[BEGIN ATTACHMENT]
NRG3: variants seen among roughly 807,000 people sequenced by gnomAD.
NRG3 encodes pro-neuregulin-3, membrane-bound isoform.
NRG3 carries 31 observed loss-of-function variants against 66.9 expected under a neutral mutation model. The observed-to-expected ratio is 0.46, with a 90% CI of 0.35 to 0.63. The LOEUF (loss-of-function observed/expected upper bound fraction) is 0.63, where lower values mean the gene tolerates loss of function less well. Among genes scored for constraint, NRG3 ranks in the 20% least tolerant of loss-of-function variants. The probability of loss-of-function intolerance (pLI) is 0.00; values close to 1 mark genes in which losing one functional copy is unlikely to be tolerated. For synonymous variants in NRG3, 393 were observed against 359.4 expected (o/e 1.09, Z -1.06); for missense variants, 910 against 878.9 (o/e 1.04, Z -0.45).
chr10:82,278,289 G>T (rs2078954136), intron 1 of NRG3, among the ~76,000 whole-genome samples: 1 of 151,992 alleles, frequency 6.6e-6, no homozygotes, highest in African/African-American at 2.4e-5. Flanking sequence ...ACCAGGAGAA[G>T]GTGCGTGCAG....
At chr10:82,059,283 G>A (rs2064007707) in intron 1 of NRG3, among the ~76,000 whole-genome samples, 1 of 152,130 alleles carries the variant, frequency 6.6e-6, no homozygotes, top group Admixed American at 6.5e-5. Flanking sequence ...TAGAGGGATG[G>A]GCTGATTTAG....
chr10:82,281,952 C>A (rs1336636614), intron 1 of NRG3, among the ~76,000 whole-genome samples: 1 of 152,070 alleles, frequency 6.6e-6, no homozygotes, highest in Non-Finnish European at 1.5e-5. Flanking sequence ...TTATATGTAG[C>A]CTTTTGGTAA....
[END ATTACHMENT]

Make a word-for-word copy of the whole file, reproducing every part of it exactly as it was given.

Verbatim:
NRG3: variants seen among roughly 807,000 people sequenced by gnomAD.
NRG3 encodes pro-neuregulin-3, membrane-bound isoform.
NRG3 carries 31 observed loss-of-function variants against 66.9 expected under a neutral mutation model. The observed-to-expected ratio is 0.46, with a 90% CI of 0.35 to 0.63. The LOEUF (loss-of-function observed/expected upper bound fraction) is 0.63, where lower values mean the gene tolerates loss of function less well. Among genes scored for constraint, NRG3 ranks in the 20% least tolerant of loss-of-function variants. The probability of loss-of-function intolerance (pLI) is 0.00; values close to 1 mark genes in which losing one functional copy is unlikely to be tolerated. For synonymous variants in NRG3, 393 were observed against 359.4 expected (o/e 1.09, Z -1.06); for missense variants, 910 against 878.9 (o/e 1.04, Z -0.45).
chr10:82,278,289 G>T (rs2078954136), intron 1 of NRG3, among the ~76,000 whole-genome samples: 1 of 151,992 alleles, frequency 6.6e-6, no homozygotes, highest in African/African-American at 2.4e-5. Flanking sequence ...ACCAGGAGAA[G>T]GTGCGTGCAG....
At chr10:82,059,283 G>A (rs2064007707) in intron 1 of NRG3, among the ~76,000 whole-genome samples, 1 of 152,130 alleles carries the variant, frequency 6.6e-6, no homozygotes, top group Admixed American at 6.5e-5. Flanking sequence ...TAGAGGGATG[G>A]GCTGATTTAG....
chr10:82,281,952 C>A (rs1336636614), intron 1 of NRG3, among the ~76,000 whole-genome samples: 1 of 152,070 alleles, frequency 6.6e-6, no homozygotes, highest in Non-Finnish European at 1.5e-5. Flanking sequence ...TTATATGTAG[C>A]CTTTTGGTAA....